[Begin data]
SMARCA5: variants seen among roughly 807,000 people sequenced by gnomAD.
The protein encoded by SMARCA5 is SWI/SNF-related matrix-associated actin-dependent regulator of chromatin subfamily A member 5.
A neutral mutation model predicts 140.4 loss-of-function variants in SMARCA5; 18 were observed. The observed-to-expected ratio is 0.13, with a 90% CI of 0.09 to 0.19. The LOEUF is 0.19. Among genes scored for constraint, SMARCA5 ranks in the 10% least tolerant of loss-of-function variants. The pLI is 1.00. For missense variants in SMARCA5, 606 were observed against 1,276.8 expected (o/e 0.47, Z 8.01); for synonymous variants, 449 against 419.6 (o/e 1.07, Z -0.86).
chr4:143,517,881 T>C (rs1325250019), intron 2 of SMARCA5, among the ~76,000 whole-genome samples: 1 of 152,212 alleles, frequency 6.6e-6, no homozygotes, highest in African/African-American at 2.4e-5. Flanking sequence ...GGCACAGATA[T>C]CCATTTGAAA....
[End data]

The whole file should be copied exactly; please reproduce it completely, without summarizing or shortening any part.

SMARCA5: variants seen among roughly 807,000 people sequenced by gnomAD.
The protein encoded by SMARCA5 is SWI/SNF-related matrix-associated actin-dependent regulator of chromatin subfamily A member 5.
A neutral mutation model predicts 140.4 loss-of-function variants in SMARCA5; 18 were observed. The observed-to-expected ratio is 0.13, with a 90% CI of 0.09 to 0.19. The LOEUF is 0.19. Among genes scored for constraint, SMARCA5 ranks in the 10% least tolerant of loss-of-function variants. The pLI is 1.00. For missense variants in SMARCA5, 606 were observed against 1,276.8 expected (o/e 0.47, Z 8.01); for synonymous variants, 449 against 419.6 (o/e 1.07, Z -0.86).
chr4:143,517,881 T>C (rs1325250019), intron 2 of SMARCA5, among the ~76,000 whole-genome samples: 1 of 152,212 alleles, frequency 6.6e-6, no homozygotes, highest in African/African-American at 2.4e-5. Flanking sequence ...GGCACAGATA[T>C]CCATTTGAAA....